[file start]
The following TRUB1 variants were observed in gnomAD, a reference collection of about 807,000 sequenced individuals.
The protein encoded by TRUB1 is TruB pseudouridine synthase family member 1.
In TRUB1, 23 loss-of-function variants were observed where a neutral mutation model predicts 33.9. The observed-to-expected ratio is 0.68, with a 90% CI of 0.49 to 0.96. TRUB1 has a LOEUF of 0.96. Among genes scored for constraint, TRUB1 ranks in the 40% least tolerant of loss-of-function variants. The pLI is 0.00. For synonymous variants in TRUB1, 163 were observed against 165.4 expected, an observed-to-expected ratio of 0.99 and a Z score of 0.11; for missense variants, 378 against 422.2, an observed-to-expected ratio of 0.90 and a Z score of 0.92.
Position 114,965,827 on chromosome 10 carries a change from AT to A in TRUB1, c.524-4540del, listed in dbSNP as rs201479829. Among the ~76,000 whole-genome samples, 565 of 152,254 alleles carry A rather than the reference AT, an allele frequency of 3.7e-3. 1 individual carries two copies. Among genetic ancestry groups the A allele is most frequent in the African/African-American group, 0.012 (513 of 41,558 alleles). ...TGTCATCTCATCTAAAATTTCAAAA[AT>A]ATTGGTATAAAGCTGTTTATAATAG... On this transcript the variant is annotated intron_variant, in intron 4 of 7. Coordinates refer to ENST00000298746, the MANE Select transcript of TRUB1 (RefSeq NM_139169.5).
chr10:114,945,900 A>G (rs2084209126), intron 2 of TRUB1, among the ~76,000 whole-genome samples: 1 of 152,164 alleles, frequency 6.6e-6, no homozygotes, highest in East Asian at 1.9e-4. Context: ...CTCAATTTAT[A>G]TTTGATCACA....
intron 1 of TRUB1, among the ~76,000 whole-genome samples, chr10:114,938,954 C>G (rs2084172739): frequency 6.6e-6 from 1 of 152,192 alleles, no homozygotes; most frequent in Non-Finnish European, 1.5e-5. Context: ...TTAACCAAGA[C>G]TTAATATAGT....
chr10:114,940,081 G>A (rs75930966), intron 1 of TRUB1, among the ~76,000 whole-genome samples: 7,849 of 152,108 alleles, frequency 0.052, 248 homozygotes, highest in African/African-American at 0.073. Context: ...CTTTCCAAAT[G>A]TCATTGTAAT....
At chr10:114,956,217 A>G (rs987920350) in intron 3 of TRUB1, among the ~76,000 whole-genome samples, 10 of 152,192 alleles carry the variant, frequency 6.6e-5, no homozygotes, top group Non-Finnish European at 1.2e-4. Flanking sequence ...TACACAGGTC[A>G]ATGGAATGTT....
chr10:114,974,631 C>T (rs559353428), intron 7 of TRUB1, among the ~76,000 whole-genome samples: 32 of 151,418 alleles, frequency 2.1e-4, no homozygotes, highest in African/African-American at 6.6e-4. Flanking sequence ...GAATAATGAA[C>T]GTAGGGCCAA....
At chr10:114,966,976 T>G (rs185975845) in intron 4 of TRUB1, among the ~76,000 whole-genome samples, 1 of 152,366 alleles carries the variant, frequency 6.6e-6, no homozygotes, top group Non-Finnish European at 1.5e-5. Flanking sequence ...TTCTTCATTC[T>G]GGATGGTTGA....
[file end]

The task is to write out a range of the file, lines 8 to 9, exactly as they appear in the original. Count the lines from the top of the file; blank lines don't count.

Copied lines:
At chr10:114,956,217 A>G (rs987920350) in intron 3 of TRUB1, among the ~76,000 whole-genome samples, 10 of 152,192 alleles carry the variant, frequency 6.6e-5, no homozygotes, top group Non-Finnish European at 1.2e-4. Flanking sequence ...TACACAGGTC[A>G]ATGGAATGTT....
chr10:114,974,631 C>T (rs559353428), intron 7 of TRUB1, among the ~76,000 whole-genome samples: 32 of 151,418 alleles, frequency 2.1e-4, no homozygotes, highest in African/African-American at 6.6e-4. Flanking sequence ...GAATAATGAA[C>T]GTAGGGCCAA....